As mind-blowing as science is these days, it's probably safe to say that we're not going to invent a time machine within the next century. Through the magic of code, though, there is an entertaining alternative in the world of interactive maps. Obviously, The Smithsonian is on it.
The magazine recently dipped into David Rumsey's collection of over 150,000 maps to find some of the best representations of American cities over the past couple hundred years. With some simple programming, they were able to overlay images of vintage maps of some major cities onto satellite images from today. The results are fascinating.
This map of Gotham comes from just a couple decades before the Gangs of New York-era. Can you find the Five Points?
Remember when the White House was just called "the President's House" and the site of the Lincoln Memorial was underground? Neither do I.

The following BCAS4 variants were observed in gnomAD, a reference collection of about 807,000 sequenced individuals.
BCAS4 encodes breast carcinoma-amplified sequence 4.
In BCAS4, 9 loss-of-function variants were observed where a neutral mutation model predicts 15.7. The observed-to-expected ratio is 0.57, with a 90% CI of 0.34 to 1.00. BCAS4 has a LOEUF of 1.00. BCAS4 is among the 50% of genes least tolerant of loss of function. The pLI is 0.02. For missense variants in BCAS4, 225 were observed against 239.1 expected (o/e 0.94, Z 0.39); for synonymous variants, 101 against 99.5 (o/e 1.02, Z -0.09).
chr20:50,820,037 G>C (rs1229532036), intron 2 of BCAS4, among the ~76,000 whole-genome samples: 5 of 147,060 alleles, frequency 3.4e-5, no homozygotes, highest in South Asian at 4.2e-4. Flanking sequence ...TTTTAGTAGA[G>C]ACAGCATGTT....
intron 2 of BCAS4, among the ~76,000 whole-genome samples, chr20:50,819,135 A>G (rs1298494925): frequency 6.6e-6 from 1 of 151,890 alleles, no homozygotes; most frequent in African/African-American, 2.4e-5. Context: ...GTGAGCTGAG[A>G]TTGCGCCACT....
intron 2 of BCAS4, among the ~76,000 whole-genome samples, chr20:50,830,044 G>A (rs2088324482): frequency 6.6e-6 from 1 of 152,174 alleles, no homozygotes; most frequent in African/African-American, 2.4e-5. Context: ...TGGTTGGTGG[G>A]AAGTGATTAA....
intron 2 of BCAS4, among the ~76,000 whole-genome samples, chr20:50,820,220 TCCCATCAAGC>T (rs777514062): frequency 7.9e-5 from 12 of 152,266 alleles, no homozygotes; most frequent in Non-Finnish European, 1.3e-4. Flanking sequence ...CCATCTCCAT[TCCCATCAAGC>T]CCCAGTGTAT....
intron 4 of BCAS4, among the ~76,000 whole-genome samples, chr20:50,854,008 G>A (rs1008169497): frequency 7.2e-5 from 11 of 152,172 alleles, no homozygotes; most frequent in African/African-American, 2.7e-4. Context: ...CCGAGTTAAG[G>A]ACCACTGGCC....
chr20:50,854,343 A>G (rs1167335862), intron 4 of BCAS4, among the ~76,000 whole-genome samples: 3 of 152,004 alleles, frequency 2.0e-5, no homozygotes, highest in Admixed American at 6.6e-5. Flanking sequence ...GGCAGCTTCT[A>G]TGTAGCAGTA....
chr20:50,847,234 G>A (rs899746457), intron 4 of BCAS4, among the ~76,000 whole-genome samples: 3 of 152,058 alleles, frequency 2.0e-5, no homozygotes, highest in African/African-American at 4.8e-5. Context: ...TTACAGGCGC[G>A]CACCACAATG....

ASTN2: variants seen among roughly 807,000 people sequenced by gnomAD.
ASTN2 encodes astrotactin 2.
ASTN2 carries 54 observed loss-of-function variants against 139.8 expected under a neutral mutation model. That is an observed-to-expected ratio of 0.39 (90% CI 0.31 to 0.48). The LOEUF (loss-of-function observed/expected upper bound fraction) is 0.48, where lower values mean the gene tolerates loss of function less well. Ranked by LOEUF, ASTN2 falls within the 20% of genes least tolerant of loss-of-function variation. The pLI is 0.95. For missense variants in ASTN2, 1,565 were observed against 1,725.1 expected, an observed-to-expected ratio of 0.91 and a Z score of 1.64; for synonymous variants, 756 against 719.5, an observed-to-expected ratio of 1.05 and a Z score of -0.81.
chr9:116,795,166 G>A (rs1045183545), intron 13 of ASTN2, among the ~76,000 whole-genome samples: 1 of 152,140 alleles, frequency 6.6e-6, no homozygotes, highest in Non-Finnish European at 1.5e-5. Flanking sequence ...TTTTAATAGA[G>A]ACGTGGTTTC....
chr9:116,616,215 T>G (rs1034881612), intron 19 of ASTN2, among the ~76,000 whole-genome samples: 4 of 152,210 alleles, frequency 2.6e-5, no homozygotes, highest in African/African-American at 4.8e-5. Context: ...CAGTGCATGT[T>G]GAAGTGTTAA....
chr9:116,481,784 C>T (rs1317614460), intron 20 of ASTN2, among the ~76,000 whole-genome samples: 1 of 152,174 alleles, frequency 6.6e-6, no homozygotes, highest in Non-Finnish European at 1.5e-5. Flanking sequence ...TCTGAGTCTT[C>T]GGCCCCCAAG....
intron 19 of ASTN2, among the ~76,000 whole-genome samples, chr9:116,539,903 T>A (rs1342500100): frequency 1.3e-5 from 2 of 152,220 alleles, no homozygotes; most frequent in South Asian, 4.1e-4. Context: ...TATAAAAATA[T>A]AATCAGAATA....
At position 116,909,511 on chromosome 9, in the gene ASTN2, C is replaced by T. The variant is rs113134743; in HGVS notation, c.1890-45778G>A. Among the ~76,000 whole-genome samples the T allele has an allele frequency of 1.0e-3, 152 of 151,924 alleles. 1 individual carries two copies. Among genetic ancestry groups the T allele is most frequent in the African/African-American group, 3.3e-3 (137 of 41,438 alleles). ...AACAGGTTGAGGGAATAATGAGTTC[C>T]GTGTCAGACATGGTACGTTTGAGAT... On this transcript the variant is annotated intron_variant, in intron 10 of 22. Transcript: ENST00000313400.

When you take a step back and think about it Denver could've been a real shit show, what with all the competing parties—from bankers and mining companies—involved. Somehow, though, they managed to pull it off.
Many people don't realize how quickly Los Angeles rose out of the desert to become America's second largest city. As the Smithsonian points out, though, settlers had to find water to make it happen, which is exactly what this map was for.
In the 1850s, San Francisco was the place to find salty sailors and the occasional scurvy-stricken pirate. San Francisco was pretty cool back in the day.